The Town Pool

Photo by Lady May Pamintuan (copied from Flickr)

Like many others, I had lost my job and suddenly was not as well off as I used to be. I moved east of the river, to a poorer town – where, however, I soon hit upon a route for my afternoon runs that I thought pleasant enough, mainly because it led past a picturesque lake. It was early summer, but I never saw anyone swimming in the turbid waters of the lake, nor was I about to do it myself. But just a little farther along that same street I noticed, boxed in by a high chain-link fence, the small but blissfully blue rectangle of a swimming pool, apparently on the grounds of a high school.

When I eventually made inquiries, I learned that the pool was open to all town residents, and for a sum so nominal that even someone almost reduced to counting pennies could not begrudge it. Still, I feared that the experience might prove too dispiriting. At the pricey apartment complex where I had lived before, a serene, meticulously maintained pool courtyard had been a favourite spot of mine, a site either of solitary idylls or of lazy flirtations. I could not see how a decrepit municipal pool, one probably teeming at times with roughhousing kids from poor neighbourhoods, might serve me as well. Might it not simply remind me of how banished I was from the good life?

To use the pool I would have to buy a pass from the town’s Rec Department, which was across the street in a drab, squat old brick building. I imagined venturing into that building like some wretched petitioner to seek through undoubtedly funky hallways for some misanthropic clerk who would bureaucratically demand proof that I was indeed a resident, perhaps in the form of bills sent to me at my new address, the bills that were beginning to pile up unpaid. The Rec Department, I decided, would serve to make me still more conscious of how wrecked my life was.

Yet, as the summer wore on into the dog days, I increasingly missed the daily refreshment of a plunge into cool blue water, so that I eventually gave in, hopping onto my bicycle one afternoon and riding off with a beach towel and a book in my satchel. I was using the bike not only for the sake of exercise or pleasure but also because gas had doubled in price in the last couple of weeks, although there was, to be sure, a pleasant novelty in having to use the bike as a form of transportation – and also a pleasant nostalgia, since it harked back to my childhood.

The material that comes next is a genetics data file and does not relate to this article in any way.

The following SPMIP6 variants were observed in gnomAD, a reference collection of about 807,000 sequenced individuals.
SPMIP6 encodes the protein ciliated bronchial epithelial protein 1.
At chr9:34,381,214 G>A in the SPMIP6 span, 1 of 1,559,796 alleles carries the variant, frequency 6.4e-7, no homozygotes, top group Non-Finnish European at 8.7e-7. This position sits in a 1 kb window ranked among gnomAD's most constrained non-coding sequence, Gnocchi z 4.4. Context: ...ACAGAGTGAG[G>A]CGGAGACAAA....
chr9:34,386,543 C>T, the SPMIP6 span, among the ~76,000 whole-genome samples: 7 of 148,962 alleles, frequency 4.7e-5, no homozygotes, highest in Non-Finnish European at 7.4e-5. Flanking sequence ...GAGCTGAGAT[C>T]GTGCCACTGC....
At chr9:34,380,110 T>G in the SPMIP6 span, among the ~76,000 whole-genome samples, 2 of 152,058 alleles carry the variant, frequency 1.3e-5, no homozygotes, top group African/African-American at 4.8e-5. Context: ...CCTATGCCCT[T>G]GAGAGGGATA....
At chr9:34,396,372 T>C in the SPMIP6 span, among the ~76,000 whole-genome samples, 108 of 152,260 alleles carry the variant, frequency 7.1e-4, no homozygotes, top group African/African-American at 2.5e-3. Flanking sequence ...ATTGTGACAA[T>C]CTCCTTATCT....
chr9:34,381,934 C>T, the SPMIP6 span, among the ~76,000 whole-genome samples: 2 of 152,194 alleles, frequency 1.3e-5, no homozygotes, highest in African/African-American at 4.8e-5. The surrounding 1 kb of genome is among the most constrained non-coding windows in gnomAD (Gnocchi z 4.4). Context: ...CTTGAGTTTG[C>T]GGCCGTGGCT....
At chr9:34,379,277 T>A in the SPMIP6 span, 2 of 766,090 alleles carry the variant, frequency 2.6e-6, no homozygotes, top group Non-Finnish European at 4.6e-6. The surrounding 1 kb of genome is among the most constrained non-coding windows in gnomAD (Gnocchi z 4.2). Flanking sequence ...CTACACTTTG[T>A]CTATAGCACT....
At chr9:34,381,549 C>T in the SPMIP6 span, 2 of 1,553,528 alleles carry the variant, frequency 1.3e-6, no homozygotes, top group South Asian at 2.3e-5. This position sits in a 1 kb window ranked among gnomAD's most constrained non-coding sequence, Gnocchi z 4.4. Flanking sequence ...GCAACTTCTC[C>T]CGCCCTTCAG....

The Rec Department proved to be quite as dingy and gloomy inside as I had feared, with the smell of 40 or even 50 years ago, when it could not have looked much different. Yet the place had a reception desk and, behind it, a genial young receptionist who sold me the pool pass, demanding from me nothing more than a couple of bucks, going further only to cheerfully tell me that for $50 I could have year-round access to all of the town’s recreational facilities, including indoor pools in winter and the community Y gym. I left thinking about it, reflecting, once more, on how possible it might be to live well enough on much less than I had been making.

At the pool, I leaned my bicycle against the chain-link fence in a spot where I could keep an eye on it from inside: I feared it might present a temptation for the underprivileged kids who were no doubt the principal users of the pool. And by using the pool was I not declaring myself a new member of the underprivileged class? In truth, I felt as if I were merely impersonating one, even a little as if I were stealing from the underprivileged during a mere hiccup in my own fortunes.